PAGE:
It’s official: more money was invested in renewables and more generation capacity added in 2015 than ever before. Conventional wisdom has always been that low fossil fuel prices would make renewables uncompetitive even as the cost of renewable energy continues to drop. In that view, fossil fuel prices drive investments in renewables. It’s not happening, however, so maybe it’s time to consider the reverse paradigm: renewables driving fossil fuel prices. Craig Morris investigates.
What a year 2015 was – for fossil fuels! Goldman Sachs coined the term “peak coal,” for instance. Whereas peak oil means oil production cannot be ramped up further, peak coal means demand will drop. China in particular is reducing its coal consumption, which largely impacts coal imports to the country (it continues to consume domestic coal).
As a result, coal prices are at rock bottom, and coal companies have been hurt badly. For instance, the share price of Peabody Energy, the largest coal company in the world, dropped by 90 percent between December 2014 and December 2015. One cause is the global divestment movement. In 2014, 0.05 trillion USD in divestment from fossil fuel resources had been pledged. At the climate conference in Paris, the number rose to 3.4 trillion.
Conventional wisdom has it that low fossil fuel prices will increase demand for fossil fuel – and decrease investments in renewables. The details, however, are a bit messier. Most renewable investments pertain to wind and solar power, and hence to electricity. Oil prices do not impact those investments much because so little oil – just a few percentage points worldwide – is used for power generation. Low oil prices will therefore mainly disincentivize biofuels for transportation and renewable heat options (solar thermal, biomass, heat pumps, etc.).
Coal and natural gas are different. They are both widely used in the power sector. With coal prices down a third in the past two years and natural gas prices so low that US shale gas firms are going bust, demand should be turning away from renewables and towards coal and gas. It isn’t. Why not?
Flashback time! In 2011 I said clean energy would cap oil prices, and Claude Mandil, former IEA head, laughed. In 2015, Saudi “got” solar.
— Michael Liebreich (@MLiebreich) June 4, 2015
Maybe it’s time we started thinking of renewables as a driver of fossil fuel demand – instead of the other way around. Countries around the world have varying fuel costs, especially for natural gas, which can be several times more expensive in Japan than it is in the US. Americans were therefore hoping to set up liquefied natural gas terminals to export gas to Asia. The problem was that the shale gas boom largely took place towards the East, so Californians themselves had a hard time benefiting from the country’s shale gas boom. A lot of infrastructure needed building, and that took time. Now, it seems that low prices came before the infrastructure could be built.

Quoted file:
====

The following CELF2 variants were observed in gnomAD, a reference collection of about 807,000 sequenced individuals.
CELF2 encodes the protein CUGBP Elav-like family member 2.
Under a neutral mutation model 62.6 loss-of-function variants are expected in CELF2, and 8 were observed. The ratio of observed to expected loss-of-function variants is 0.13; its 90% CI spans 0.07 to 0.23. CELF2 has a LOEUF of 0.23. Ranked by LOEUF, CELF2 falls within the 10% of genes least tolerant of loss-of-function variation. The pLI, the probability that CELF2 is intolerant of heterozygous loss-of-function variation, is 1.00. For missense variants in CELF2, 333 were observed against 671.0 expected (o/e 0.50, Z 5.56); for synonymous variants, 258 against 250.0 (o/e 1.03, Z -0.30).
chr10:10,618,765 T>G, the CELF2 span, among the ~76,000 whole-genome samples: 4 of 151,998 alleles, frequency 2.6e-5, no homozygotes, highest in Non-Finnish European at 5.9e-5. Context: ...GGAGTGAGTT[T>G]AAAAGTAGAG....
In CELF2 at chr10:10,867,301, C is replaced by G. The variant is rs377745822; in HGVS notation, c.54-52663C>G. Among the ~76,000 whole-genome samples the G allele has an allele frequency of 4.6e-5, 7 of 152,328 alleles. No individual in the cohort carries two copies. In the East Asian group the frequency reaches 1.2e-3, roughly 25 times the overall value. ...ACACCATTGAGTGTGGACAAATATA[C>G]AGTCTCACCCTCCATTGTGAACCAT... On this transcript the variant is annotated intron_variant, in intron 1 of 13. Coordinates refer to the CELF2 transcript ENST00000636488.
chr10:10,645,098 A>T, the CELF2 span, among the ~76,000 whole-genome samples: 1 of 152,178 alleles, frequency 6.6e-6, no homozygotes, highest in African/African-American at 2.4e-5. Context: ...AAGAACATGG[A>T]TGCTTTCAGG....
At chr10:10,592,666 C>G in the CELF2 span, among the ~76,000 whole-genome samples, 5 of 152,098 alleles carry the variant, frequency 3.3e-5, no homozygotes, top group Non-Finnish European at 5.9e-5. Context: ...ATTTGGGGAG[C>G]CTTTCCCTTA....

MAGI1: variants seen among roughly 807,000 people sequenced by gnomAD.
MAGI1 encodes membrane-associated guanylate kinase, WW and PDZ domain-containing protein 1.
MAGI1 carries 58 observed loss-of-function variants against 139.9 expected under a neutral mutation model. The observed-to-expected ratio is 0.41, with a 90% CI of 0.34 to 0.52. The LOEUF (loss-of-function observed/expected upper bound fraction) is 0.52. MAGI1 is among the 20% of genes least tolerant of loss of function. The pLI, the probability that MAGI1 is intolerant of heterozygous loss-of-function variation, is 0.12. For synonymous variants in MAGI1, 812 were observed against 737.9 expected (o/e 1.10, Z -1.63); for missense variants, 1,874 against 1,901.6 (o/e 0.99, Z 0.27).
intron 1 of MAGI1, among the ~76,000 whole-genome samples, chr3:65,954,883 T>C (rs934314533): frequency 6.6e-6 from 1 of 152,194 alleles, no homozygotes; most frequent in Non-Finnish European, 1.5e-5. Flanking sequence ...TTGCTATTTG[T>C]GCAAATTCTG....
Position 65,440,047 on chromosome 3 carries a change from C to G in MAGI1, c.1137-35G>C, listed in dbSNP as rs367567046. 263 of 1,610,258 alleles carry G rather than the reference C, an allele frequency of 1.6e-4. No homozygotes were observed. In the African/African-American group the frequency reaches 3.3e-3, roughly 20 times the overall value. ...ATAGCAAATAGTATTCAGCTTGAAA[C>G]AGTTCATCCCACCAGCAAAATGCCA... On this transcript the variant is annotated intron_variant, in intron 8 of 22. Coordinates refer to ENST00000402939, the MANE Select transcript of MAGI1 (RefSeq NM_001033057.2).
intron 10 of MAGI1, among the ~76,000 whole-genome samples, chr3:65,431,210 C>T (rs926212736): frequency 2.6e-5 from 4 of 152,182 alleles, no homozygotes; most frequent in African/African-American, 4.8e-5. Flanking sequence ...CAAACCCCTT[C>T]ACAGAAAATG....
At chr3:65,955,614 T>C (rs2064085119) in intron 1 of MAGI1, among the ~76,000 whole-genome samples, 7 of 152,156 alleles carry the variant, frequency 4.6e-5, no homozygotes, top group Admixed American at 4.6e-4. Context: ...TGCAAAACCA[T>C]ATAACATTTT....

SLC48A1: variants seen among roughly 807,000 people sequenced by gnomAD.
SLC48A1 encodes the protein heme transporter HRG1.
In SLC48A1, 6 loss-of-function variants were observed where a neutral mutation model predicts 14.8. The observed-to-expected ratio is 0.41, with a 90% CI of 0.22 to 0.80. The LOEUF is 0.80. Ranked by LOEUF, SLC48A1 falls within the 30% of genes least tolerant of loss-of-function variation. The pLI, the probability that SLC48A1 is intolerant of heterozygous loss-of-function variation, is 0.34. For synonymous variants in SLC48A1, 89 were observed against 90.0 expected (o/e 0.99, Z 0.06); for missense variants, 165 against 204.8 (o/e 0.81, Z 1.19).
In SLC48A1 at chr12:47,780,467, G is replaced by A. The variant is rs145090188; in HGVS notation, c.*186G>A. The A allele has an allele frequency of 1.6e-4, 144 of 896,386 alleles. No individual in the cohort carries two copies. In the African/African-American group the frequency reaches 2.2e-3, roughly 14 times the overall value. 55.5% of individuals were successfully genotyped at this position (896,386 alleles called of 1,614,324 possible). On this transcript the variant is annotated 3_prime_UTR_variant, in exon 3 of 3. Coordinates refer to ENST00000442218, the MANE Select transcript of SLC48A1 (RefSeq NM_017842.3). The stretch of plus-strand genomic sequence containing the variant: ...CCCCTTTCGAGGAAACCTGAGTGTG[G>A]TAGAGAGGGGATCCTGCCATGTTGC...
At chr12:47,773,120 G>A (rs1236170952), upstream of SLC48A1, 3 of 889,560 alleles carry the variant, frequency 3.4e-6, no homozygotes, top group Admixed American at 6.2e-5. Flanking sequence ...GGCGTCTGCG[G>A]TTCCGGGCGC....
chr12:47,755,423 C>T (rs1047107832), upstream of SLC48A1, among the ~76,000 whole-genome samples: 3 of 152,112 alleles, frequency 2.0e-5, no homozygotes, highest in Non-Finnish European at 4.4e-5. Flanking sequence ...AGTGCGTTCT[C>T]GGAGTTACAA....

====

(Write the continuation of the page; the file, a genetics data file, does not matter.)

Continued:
From the investor’s perspective, the problem is therefore the volatility of fossil fuel prices. It’s risky. And the assets need to remain in operation for decades to be profitable. Compare that to wind farms and solar arrays, where around 95 to 99 percent, respectively, of the total cost over 20 years is known on day one. Renewable energy investments are much less risky.
Governments also have their reasons to go renewable. The Chinese can’t breathe. Nor can the Parisians and Italian urbanites. In European cities, the problem is clearly diesel vehicles, whereas the Chinese suffer from both coal and oil pollution. Governments are therefore clamping down on coal and oil.
Theoretically, demand for oil in the heat sector should rise. In Germany, heating oil is currently 27 percent cheaper than wood pellets, for instance (source in German). Nonetheless, oil consumption in the German heating sector is unlikely to increase because the German government practically banned oil-fired heaters in new buildings and renovations this year; instead, renewable heat is required.
So the growth of renewable energy is likely to limit demand for fossil fuel and eventually reduce it, which will keep down the prices for coal, oil, and natural gas. Until recently, low fossil fuel prices would have been expected to slow down the transition to renewables – according to conventional wisdom. But maybe, just maybe, renewables are now in the driver’s seat.
Source: Energy Transition. Reproduced with permission.